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Lift Team Case Study

Miami Valley Hospital Patient Lift Team Program Reduces Nursing Injuries/Disability, Increases Productivity

First-Year Results: 70% Reduction Back/Shoulder Injuries

Preventing back injuries has become a major workplace safety issue in recent years. A 2003 Bureau of Labor Statistics report found that more than one million workers suffer back injuries each year, accounting for about one out of every five workplace injuries or illnesses. In addition, a quarter of all compensation indemnity claims involve back injuries, costing businesses billions of dollars on top of the pain and suffering borne by employees.

Nursing consistently ranks as one of the top 10 occupations for work-related musculoskeletal injuries, according to the Bureau of Labor Statistics, 2002. Data compiled from more than 80 studies internationally indicate 35 percent to 80 percent of all nurses sustain back injury during their career.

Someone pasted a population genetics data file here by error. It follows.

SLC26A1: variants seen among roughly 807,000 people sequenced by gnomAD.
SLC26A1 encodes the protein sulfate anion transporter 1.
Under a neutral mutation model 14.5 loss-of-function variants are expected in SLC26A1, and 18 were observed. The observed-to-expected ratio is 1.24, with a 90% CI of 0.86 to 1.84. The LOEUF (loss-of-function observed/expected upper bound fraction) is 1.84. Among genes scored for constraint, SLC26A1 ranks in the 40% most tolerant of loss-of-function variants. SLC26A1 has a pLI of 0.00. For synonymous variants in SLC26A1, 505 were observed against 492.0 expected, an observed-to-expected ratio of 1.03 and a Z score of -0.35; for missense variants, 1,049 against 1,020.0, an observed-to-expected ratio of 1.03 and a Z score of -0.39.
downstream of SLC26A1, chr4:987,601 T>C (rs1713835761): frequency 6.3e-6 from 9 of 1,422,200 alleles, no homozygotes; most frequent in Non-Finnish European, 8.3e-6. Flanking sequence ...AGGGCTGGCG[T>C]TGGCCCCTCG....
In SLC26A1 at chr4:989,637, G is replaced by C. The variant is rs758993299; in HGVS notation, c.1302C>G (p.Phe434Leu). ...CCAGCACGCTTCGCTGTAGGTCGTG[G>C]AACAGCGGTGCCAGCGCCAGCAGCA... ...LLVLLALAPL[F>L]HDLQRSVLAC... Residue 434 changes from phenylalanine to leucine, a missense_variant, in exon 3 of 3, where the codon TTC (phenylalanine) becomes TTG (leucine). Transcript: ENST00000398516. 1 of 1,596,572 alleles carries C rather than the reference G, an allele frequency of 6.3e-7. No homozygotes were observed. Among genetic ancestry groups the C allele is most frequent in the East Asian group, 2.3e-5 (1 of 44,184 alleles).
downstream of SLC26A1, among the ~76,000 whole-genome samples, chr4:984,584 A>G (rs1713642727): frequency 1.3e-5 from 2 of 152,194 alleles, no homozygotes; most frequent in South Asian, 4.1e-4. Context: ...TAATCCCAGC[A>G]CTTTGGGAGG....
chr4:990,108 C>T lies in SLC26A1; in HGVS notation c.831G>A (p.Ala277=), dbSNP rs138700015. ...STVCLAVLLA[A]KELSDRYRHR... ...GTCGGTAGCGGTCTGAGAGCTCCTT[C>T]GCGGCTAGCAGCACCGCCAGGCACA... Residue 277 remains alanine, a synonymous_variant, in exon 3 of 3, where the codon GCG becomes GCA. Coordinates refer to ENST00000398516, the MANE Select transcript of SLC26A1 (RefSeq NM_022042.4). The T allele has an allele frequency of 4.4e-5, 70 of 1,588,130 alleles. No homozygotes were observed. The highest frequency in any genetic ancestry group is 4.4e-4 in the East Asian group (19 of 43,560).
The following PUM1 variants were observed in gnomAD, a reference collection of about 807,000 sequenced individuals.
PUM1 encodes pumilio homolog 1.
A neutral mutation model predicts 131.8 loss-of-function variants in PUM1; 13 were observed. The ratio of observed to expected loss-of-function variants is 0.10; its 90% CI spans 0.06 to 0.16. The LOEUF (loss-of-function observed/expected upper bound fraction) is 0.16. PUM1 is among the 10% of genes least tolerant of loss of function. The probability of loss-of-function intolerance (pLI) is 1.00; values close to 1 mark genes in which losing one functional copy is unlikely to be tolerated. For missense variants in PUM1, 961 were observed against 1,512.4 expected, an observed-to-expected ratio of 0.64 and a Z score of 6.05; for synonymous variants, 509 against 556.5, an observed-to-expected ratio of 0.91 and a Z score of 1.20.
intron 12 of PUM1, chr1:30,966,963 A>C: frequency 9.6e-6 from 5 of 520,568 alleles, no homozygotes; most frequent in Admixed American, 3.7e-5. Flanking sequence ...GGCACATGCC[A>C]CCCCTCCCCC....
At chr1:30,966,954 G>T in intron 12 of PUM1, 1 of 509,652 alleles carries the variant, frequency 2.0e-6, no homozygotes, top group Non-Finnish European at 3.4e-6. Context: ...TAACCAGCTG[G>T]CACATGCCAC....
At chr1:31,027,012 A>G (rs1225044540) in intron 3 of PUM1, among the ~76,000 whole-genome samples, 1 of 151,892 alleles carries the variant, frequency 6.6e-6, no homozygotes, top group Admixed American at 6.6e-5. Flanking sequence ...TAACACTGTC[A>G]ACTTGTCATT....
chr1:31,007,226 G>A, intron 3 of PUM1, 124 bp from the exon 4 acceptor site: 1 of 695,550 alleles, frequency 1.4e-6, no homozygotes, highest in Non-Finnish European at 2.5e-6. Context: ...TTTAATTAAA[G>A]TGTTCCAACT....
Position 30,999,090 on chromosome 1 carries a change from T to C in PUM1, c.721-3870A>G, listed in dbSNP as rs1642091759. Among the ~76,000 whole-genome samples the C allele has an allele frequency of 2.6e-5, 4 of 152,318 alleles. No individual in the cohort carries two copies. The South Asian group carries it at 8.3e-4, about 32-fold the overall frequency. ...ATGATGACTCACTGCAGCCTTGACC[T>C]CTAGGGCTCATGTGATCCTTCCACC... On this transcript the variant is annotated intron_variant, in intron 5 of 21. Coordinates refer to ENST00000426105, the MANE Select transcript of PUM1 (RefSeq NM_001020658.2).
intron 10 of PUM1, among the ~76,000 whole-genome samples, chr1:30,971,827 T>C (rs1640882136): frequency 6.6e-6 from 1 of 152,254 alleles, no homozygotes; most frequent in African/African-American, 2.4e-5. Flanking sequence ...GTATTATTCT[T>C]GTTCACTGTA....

Specifically, the report found that about 9,000 healthcare workers will sustain disabling back injuries on the job and 38 percent of all nurses will experience back pain during their careers. More disturbing is that nursing assistants experience three to four times more injuries than registered nurses. It is no wonder that back injuries — and an aging workforce — may be the single largest contributors to the nursing shortage.

MVH Establishes a Lift Team Program

In 2003, Miami Valley Hospital (MVH), in Dayton, OH, took steps to address the problem by examining ways to reduce back injuries. The hospital began to investigate the feasibility of creating a lift team in an effort to reduce staff injuries, lost workdays and workers' compensation claims.

After an extensive review of lift teams at other healthcare institutions across the country, a proposal was developed to seek funding to implement a lift team program at MVH in order to reduce the risk of musculoskeletal injury and disability; promote favorable patient physiological outcomes; create a safer working environment for nurses; and enhance the retention of experienced nurses and the recruitment of new nurses. The proposal outlined the goals of the program, the budgetary requirements and the specific protocols for using the lift team, as well as the job requirements for lift team members.